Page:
Thursday 14 December 2017

Selby joins greats after epic victory

Mark Selby holds the world championship trophy with his daughter Sofia
Maria and wife Vikki Layton at the Crucible Theatre. Photo credit: Steven Paston/PA Wire
Mark Selby holds the world championship trophy with his daughter Sofia Maria and wife Vikki Layton at the Crucible Theatre. Photo credit: Steven Paston/PA Wire

John Skilbeck

Mark Selby completed a remarkable turnaround to beat John Higgins and win his third World Championship title with an 18-15 victory in Sheffield.

Selby had trailed 10-4 at one point on Sunday but after pulling back three frames before the close of play he dominated yesterday.

"It's unbelievable, I can't believe it, I'm really still pinching myself," Selby said. "Big congratulations to John. From 10-4 to get out at 10-7 yesterday, I'd hit the wall, I had nothing left. He'd outplayed me most of the day, but today I came back a lot more fresh and played a lot better."

Selby admitted his main thought at 10-4 down was to go down fighting, but he would ultimately do a lot more.

"I was missing everything, I had nothing left. I thought, 'Just try to pull yourself together and find something, if you're going to go down, go down fighting'. Fortunately enough for me John missed a few balls you wouldn't expect him to and that gave me a chance to come back."


There was one potential wobble for Selby late on, however, as he looked to go 17-14 clear.

He had attempted to play a snooker behind the black but was ruled to have trickled up short by referee Jan Verhaas. Verhaas briefly questioned his own decision, consulting Steve Davis and John Parrott in the BBC studio, but they and Brendan Moore - the referee on scoring duty - could not agree so Verhaas elected to stand by his original decision.

"I trust Jan," Selby said. "Jan said he didn't see it hit, he spoke to John and Steven and they saw it differently. John said, 'Do you want a replay?' which was kind of him. I had to get it out of my mind, you're in a world final at the end of the day. But congratulations to John. He's a great guy off the table and he's a great guy on the table."

Higgins, who had been seeking his fifth title, could only admire the way Selby kept his cool.

"He's granite, isn't he? Granite," he said. "In the second session I had my chances. There was a missed pink to the middle bag that could have made it 9-3. That might not be the difference but it was a big, big frame, and Mark did what he always does and cleared up under pressure. He's a fantastic champion.

"It's been an unbelievable tournament on the 40th anniversary. I gave everything and I've come up short to a great champion. I'm proud of myself but he was too good on the day."

Higgins, asked about the black-ball controversy, said: "Sometimes it's not black and white I suppose."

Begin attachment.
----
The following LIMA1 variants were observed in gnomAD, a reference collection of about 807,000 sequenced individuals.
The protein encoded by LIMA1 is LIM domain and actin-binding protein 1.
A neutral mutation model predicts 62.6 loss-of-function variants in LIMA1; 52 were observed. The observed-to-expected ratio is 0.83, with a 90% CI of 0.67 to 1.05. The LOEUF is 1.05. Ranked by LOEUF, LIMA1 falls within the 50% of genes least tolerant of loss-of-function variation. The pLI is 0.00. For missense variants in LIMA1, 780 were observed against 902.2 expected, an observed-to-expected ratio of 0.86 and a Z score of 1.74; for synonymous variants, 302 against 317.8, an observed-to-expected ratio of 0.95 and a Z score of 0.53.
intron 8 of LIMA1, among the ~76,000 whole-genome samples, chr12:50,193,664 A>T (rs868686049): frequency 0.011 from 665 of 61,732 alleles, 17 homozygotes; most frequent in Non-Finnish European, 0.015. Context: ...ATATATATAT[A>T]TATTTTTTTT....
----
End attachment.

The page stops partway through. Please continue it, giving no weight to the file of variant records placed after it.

Asked about Selby's prospects of further world titles, he added: "I think Mark will add to that, whether it's one, two, three or four. He's the toughest player I've ever played.

"He's just granite, he really is. I take my hat off to him. I still think I can come back next year and give it a good show."

Selby's victory made him just the fourth player to successfully defend a world title in Sheffield, after Steve Davis, Stephen Hendry and Ronnie O'Sullivan. That level of company reflects Selby's status as a modern-day snooker great.

No player had come back to win from a greater deficit than six frames in a World Championship final since Dennis Taylor trailed Steve Davis by 8-0 and 9-1 in their 1985 classic.

Crucially Selby launched his revival late in the day on Sunday, thrusting a fist pump after reeling off three successive frames, and planting the first seeds of doubt into the mind of Higgins.

The seeds became giant oaks of disbelief yesterday afternoon as Higgins saw his lead evaporate and Selby begin to stretch clear.

The 33-year-old from Leicester led 13-11 coming into the evening, and withstood a late Higgins flourish to get his hands on the trophy.

O'Sullivan knows exactly how Higgins must have been feeling, having had Selby on the ropes at 10-5 in the 2014 final before falling to a punishing counter-attack.

O'Sullivan watched the drama unfold from a television studio, and tweeted: "If you want to win events you need to play like selby. It's the new modern way of playing..#lethalsnooker"

Selby's title last year came on the same night that Leicester City won the Premier League title, with even Selby distracted by his beloved football team's success.

This time the glory was all his, the £375,000 top prize taking him to a staggering £930,875 for the season - an all-time high.

Selby also matches the record of five ranking titles in a season, previously achieved by Hendry in 1990/91 and Ding in 2013/14.

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